Indigenous heritage protected
A corroboree site at the Denmark River has been protected under a management plan passed at a Denmark Shire council meeting last week after extensive community consultation.
Picture by Laurie Benson: Denmark shire project manager Cindy Simpson and ancestor of the traditional owners of the site, Joe Williams, at the Kwoorabup Beeliaor Denmark River.
The Aboriginal Cultural Heritage Management Plan for the southern section of Kwoorabup Beelia (Denmark River) sets out ways to protect and manage the indigenous heritage values of the area.
Denmark Shire worked with the Department of Indigenous Affairs to form the plan, written by project manager Cindy Simpson.
Applied Archaeology consultant David Guilfoyle was hired to consult with the community, landholders, Green Skills and the Department of Water.
Noongar community members identified the ceremonial site as a protection priority.
The Kwoorabup Beelia and ceremonial site has been used by Noongar people for more than 10,000 years as a place of dance, song, ceremony, marriage% preparation, initiation and food gathering.
Ancestor of the site’s traditional owners, Joe Williams, consulted for the management plan, and said the site could go back to being a gathering place.
“In the past the ground has been driven over and abused – people would drive through sacred ground,” he said.
“I hope it will be used as a cultural interpretive ground, we could have some workshops there.”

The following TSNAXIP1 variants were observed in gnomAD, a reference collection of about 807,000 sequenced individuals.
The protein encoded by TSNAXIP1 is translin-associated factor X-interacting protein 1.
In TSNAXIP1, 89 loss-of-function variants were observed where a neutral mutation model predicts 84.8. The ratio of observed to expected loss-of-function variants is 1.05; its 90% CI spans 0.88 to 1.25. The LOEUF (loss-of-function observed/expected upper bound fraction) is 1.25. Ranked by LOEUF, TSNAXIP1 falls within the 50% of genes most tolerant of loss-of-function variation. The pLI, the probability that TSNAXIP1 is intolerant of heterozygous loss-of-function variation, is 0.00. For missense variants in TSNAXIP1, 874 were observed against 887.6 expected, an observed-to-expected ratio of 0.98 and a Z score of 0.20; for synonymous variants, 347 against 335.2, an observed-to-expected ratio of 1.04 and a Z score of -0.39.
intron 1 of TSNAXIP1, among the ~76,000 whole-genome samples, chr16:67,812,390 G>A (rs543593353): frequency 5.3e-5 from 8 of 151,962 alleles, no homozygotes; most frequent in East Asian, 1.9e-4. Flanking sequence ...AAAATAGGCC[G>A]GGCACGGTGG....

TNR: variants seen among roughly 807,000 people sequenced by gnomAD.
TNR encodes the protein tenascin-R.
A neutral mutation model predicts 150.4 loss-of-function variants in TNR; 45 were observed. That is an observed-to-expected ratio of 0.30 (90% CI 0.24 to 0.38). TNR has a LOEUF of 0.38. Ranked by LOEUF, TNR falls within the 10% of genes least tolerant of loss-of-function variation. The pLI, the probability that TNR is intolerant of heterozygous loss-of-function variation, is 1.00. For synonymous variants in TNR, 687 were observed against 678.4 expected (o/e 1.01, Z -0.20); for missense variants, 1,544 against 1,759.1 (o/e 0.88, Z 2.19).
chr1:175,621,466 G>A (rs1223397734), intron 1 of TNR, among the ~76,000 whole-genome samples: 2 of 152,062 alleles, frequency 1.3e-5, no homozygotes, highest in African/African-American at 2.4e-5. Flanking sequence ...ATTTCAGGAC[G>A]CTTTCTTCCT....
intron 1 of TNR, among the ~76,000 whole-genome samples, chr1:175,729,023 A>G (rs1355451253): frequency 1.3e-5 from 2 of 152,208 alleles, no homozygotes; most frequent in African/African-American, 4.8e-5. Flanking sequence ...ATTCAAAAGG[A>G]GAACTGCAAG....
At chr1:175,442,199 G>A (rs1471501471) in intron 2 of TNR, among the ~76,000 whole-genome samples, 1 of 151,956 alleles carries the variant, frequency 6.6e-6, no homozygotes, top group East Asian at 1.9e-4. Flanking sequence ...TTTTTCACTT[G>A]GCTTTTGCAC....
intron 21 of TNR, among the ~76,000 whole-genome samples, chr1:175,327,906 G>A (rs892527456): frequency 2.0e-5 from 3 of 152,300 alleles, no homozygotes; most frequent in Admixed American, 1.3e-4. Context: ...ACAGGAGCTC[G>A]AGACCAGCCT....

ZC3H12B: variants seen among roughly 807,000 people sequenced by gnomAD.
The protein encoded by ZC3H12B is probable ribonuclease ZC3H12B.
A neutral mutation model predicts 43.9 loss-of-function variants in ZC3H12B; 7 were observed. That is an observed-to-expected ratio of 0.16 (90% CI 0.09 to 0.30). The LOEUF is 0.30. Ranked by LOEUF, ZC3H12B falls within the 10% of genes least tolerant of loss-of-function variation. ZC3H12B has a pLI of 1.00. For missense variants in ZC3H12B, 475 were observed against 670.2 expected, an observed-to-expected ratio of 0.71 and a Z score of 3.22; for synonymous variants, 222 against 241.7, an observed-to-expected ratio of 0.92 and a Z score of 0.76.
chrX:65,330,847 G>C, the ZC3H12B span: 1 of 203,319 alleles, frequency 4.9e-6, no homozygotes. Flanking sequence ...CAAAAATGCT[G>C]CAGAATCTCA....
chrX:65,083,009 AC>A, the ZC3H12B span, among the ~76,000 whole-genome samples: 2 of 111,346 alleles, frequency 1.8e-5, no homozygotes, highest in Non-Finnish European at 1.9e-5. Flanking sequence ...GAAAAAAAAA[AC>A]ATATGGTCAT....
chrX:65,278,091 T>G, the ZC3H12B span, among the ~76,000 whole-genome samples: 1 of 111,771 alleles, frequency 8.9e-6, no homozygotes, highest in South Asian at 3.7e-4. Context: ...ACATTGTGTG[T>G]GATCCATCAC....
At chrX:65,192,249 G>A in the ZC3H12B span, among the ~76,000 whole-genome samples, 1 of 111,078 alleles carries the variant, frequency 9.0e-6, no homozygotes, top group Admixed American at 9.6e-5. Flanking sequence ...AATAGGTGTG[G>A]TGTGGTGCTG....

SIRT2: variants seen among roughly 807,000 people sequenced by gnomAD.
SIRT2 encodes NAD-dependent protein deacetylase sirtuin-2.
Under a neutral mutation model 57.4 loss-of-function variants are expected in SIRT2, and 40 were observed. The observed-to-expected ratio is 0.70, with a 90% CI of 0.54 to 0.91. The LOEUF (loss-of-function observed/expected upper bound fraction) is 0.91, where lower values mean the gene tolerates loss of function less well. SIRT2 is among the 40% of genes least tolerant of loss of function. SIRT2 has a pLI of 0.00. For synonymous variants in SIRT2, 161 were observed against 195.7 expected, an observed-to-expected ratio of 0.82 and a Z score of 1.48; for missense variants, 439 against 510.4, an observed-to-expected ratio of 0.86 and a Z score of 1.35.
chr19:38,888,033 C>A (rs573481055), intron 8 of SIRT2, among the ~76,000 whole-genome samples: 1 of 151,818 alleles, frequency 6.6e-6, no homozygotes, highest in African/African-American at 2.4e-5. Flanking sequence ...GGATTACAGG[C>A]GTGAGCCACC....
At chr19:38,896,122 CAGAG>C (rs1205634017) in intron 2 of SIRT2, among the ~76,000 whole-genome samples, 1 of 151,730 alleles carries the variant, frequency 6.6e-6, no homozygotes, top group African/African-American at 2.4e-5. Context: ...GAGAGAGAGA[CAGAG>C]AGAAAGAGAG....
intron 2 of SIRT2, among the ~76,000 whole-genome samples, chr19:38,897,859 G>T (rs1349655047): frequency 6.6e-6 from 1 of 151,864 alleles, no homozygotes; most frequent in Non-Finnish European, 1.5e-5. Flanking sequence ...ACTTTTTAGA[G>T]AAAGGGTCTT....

Deputy shire president Ken Richardson-Newton said its implementation was positive.
“The recognition of the river in Aboriginal heritage and European heritage, I think it’s relevant to all people in the community,”% he said.
Executing the plan will mean any building or activities that take place on the Denmark River or 30m buffer zone will require approval by local Noongar groups.
“In the past, we have put our infrastructure in without a great deal of consultation or even acknowledgment of the traditional owners of the land,” he said.
“I think that’s one of the great things that will change and I think our attitude to what happens along the river and its banks.”
Department of Indigenous Affairs project officer Harley Coyne said the management plan will improve engagement with Aboriginal people.
“It will add another level of consultation to the shire’s operation and a far more effective one,” he said.
“These documents are really important because it guides local government, educates people, creates awareness and facilitates better management practice.”
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